FourthLine Director Dan Waltham discusses the merits of looking beyond contingent as the only recruitment solution.
In our blog, “8 reasons your recruitment process isn’t working for you” , we said that your recruitment process should be flexible to fit the desired outcome. Likewise, tailoring your recruitment methodology to fit different hiring situations should be a consideration.
Most companies engage with recruiters in only one way, contingent, but there are at least ten situations when you should consider a different approach .
1. New office launches
Before launching a new regional or international office you must be certain of the local talent landscape. Building insights of local reward structures, understanding the active and passive talent in your new location, and then engaging and nurturing that talent long before you enter a new territory is an essential part of the planning process.
2. Senior level hiring to cover a resignation
If your business operates in a tight market, then a senior level resignation on your team should remain discreet whilst you identify a replacement. Advertising that role via your careers website and passing it out to multiple recruiters will alert your competitors. Once the news becomes common knowledge, you will face retention risk as your company will become a target for headhunters. This is particularly important for Professional Services firms who often lose a Partner and then lose a team.
3. Mission critical recruitment
For contingent recruiters, a placeable job is measured by a host of factors. For example, the number of people they can connect with in 24 or 48 hours; the speed in which they get the job to shortlist and interview; the level of competition and the ease of finding additional candidates through LinkedIn.
If your mission critical job fails to meet any of these “fillability” requirements then it goes to the bottom of the pile. The more recruiters you use to find that person, the lower it goes in that pile. After a while it gets forgotten about or passed to the new starter to “give it a go”. The average fill rate for contingent recruiters is 25% - 35%. The process doesn’t work for them 65% - 75% of the time.
Why would you leave mission critical recruitment to chance? The only guaranteed way to make that mission critical hire with the very best candidate is to retain a recruiter.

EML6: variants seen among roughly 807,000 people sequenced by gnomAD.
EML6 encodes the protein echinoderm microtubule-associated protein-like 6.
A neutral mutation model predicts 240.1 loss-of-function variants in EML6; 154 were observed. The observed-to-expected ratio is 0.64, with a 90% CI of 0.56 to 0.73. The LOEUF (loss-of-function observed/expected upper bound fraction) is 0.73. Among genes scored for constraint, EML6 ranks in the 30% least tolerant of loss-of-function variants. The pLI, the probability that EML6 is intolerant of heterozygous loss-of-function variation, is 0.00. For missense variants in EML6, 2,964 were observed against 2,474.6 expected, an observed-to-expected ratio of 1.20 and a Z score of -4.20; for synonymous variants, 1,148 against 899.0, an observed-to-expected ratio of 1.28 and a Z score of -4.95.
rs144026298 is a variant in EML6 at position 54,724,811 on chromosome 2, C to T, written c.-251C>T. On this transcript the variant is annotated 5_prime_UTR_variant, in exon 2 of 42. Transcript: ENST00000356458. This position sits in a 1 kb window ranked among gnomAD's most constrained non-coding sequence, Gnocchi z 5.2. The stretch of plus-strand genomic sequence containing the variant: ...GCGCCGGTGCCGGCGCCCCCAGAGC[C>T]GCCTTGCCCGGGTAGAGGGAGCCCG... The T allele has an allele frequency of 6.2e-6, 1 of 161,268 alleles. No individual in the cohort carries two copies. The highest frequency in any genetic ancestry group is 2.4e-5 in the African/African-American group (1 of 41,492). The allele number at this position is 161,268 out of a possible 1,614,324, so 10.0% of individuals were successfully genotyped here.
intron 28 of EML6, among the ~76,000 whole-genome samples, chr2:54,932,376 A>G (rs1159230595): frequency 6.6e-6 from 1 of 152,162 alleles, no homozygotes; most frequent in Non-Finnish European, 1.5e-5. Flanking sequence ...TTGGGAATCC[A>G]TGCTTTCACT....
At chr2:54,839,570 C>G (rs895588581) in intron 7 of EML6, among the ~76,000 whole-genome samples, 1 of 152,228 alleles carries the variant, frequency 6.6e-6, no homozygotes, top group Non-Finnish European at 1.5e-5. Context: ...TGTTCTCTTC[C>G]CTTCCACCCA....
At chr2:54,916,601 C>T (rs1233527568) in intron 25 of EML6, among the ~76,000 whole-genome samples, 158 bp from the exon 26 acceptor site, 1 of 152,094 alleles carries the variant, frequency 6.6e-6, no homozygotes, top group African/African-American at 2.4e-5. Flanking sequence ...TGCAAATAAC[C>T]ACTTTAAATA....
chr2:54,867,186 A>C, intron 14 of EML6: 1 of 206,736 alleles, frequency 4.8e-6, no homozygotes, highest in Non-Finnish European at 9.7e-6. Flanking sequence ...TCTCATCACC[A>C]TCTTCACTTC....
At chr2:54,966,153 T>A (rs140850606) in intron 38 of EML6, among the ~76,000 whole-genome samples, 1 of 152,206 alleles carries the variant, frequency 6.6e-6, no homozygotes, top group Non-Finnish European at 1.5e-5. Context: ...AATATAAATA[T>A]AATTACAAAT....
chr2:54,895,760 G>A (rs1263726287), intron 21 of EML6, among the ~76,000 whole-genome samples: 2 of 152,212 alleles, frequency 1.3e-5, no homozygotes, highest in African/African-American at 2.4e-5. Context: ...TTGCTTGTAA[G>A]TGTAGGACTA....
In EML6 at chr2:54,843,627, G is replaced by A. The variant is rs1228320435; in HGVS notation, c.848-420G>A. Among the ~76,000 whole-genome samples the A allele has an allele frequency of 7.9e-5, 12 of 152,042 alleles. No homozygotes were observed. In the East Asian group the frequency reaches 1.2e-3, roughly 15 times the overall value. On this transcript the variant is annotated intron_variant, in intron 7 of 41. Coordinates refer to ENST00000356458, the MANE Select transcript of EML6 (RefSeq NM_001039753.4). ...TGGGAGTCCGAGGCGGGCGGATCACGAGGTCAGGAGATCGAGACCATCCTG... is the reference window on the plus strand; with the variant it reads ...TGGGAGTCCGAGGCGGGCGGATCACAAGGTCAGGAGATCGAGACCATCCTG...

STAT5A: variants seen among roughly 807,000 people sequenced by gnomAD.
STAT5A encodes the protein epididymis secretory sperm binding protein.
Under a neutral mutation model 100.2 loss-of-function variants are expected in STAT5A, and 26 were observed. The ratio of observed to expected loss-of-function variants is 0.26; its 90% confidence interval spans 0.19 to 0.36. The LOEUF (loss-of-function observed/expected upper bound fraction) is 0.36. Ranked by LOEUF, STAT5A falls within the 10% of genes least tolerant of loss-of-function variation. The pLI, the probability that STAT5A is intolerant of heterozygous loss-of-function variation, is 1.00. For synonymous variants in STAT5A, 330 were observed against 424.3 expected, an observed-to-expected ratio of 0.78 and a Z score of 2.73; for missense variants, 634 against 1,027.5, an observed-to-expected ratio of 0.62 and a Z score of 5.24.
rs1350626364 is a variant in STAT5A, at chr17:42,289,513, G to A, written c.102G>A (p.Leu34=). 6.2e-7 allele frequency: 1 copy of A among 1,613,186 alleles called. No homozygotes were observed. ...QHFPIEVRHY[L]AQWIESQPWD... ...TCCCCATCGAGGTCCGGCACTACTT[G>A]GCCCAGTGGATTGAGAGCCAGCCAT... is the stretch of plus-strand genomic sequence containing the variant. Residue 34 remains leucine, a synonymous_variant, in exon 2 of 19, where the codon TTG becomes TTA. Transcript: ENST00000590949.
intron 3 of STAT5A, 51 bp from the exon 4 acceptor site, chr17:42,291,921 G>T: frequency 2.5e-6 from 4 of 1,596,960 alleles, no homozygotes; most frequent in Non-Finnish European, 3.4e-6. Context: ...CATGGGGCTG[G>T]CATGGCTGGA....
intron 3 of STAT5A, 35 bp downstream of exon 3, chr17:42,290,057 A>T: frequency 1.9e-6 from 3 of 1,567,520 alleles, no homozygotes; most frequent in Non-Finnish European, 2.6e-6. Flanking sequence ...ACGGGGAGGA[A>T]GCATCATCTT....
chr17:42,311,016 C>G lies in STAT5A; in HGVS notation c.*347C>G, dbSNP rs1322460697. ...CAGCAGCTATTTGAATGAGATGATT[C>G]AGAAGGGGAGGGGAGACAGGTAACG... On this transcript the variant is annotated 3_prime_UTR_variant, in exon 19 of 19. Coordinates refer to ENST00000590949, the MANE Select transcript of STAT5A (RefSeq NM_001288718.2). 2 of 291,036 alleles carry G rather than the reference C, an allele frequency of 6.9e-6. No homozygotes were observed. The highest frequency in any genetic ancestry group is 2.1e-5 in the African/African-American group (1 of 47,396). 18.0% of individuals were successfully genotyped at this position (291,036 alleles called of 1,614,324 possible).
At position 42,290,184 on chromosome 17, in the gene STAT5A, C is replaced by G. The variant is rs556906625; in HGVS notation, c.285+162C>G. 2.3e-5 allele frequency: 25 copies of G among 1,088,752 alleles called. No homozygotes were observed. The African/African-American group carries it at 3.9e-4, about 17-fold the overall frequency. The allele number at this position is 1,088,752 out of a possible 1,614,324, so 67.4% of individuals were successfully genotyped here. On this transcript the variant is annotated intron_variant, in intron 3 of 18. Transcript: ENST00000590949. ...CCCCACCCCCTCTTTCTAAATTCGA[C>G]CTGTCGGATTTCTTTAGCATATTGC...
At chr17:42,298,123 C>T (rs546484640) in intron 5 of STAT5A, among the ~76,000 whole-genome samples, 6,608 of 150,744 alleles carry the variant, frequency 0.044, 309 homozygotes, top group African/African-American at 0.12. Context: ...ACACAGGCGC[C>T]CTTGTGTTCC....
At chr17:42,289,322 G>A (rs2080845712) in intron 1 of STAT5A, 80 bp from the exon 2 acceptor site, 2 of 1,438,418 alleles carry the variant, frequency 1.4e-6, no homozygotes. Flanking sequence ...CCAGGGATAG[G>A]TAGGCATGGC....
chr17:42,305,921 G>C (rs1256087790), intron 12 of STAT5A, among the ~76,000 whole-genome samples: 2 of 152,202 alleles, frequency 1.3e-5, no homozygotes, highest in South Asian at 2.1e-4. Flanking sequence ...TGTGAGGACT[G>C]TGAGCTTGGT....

4. Failed recruitment campaigns
According to folklore, Albert Einstein said “The definition of insanity is doing the same thing over and over again and expecting a different result.”
We see this so often with contingent recruitment processes. The role remains open for months and months. It gets filled and then it appears again, a month or a year later. It elicits a chuckle from candidates when it gets mentioned and after a while, it gets the stigma as that job that nobody wants.
Employing a retained search process ensures that your recruiter takes time to uncover every potential candidate in the market. They aren’t going over old ground. They will also provide valuable data-driven insights which show you why your role isn’t as attractive as you thought.
5. Strategic hires and new roles
You don’t want to alert your competitors to a pivot in strategic direction until you have the talent on board to make that happen. You also need to stay ahead of your competitors when it comes to hiring the talent to solve tomorrow’s problems. By advertising those strategic vacancies and new roles or using multiple recruiters to hire those positions, you are exposing your new strategy to competition risk.
Using a more discreet solution with a more personal and tailored approach will ensure you protect yourself from undue risk and can launch the strategy with the talent to execute it brilliantly.
6. Challenging location
You are a specialist business requiring specialist skills and you are unique in your location. That differentiating factor means you will be very attractive to employees. However, the local talent market won’t always provide the skills you need in mission critical or specialist hires.
You should consider working with a recruitment firm to identify and nurture future candidates on your behalf to create an engaged talent pool. These candidates would be drawn from a deep dive into the entire candidate market across multiple geographies.
7. Multiple hire projects
It’s tempting to use multiple recruiters if you have multiple positions to fill. The logic goes that one recruiter won’t put equal focus to fill all three jobs / five jobs / ten jobs. Multi-hire campaigns tend to indicate either a strategic initiative, new team build or replacement of a failing team and alerting competitors to those factors might not be in your best interests. Instead, think about how you might control that risk and incentivise one recruiter to make the hires whilst at the same time leveraging your volume of hires to negotiate a better commercial agreement.
8. Ensuring diversity in your talent pool
Every single HR or Recruiting contact we speak with lists diversity as a challenge. All companies say that diversity (e.g. gender, ethnicity, race, education, background) is important but in the heat of the battle and the ongoing war for talent, shortlists and interviews aren’t carried out according to those ideals. You need to be deliberate with your approach if diversity is truly important to your company. As an absolute minimum, you should be mapping the market and pipelining to ensure you nurture and develop a diverse talent pool and you may consider a recruitment process with promotes positive action.
Want to discuss the various flexible recruitment options we offer? Book a call with Dan.
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